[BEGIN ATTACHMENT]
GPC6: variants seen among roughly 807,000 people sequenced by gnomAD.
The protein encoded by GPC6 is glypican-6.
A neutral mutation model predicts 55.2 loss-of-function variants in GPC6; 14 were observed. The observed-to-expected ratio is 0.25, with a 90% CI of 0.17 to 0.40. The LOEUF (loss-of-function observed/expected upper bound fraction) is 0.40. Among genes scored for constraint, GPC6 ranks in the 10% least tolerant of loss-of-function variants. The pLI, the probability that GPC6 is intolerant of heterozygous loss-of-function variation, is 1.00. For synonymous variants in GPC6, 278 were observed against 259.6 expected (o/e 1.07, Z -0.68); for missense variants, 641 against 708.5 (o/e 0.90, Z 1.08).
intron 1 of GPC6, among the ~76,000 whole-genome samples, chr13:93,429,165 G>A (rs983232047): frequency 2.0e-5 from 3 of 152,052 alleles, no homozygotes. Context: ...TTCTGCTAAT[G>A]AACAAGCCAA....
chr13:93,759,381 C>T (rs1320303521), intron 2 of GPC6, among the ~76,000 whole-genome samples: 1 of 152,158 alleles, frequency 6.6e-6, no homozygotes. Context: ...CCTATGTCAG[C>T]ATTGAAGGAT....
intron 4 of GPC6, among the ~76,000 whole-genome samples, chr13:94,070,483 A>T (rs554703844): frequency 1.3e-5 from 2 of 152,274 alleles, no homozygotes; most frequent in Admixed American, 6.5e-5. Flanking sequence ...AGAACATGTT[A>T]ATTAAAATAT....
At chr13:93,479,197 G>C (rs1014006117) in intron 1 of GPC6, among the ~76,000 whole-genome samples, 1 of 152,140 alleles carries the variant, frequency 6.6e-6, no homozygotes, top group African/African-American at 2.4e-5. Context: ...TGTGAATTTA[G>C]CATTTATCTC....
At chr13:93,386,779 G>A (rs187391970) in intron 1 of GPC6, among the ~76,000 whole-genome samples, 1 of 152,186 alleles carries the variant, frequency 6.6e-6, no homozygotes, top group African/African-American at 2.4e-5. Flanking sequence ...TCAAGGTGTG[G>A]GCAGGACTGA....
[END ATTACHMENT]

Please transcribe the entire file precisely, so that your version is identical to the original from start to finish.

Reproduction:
GPC6: variants seen among roughly 807,000 people sequenced by gnomAD.
The protein encoded by GPC6 is glypican-6.
A neutral mutation model predicts 55.2 loss-of-function variants in GPC6; 14 were observed. The observed-to-expected ratio is 0.25, with a 90% CI of 0.17 to 0.40. The LOEUF (loss-of-function observed/expected upper bound fraction) is 0.40. Among genes scored for constraint, GPC6 ranks in the 10% least tolerant of loss-of-function variants. The pLI, the probability that GPC6 is intolerant of heterozygous loss-of-function variation, is 1.00. For synonymous variants in GPC6, 278 were observed against 259.6 expected (o/e 1.07, Z -0.68); for missense variants, 641 against 708.5 (o/e 0.90, Z 1.08).
intron 1 of GPC6, among the ~76,000 whole-genome samples, chr13:93,429,165 G>A (rs983232047): frequency 2.0e-5 from 3 of 152,052 alleles, no homozygotes. Context: ...TTCTGCTAAT[G>A]AACAAGCCAA....
chr13:93,759,381 C>T (rs1320303521), intron 2 of GPC6, among the ~76,000 whole-genome samples: 1 of 152,158 alleles, frequency 6.6e-6, no homozygotes. Context: ...CCTATGTCAG[C>T]ATTGAAGGAT....
intron 4 of GPC6, among the ~76,000 whole-genome samples, chr13:94,070,483 A>T (rs554703844): frequency 1.3e-5 from 2 of 152,274 alleles, no homozygotes; most frequent in Admixed American, 6.5e-5. Flanking sequence ...AGAACATGTT[A>T]ATTAAAATAT....
At chr13:93,479,197 G>C (rs1014006117) in intron 1 of GPC6, among the ~76,000 whole-genome samples, 1 of 152,140 alleles carries the variant, frequency 6.6e-6, no homozygotes, top group African/African-American at 2.4e-5. Context: ...TGTGAATTTA[G>C]CATTTATCTC....
At chr13:93,386,779 G>A (rs187391970) in intron 1 of GPC6, among the ~76,000 whole-genome samples, 1 of 152,186 alleles carries the variant, frequency 6.6e-6, no homozygotes, top group African/African-American at 2.4e-5. Flanking sequence ...TCAAGGTGTG[G>A]GCAGGACTGA....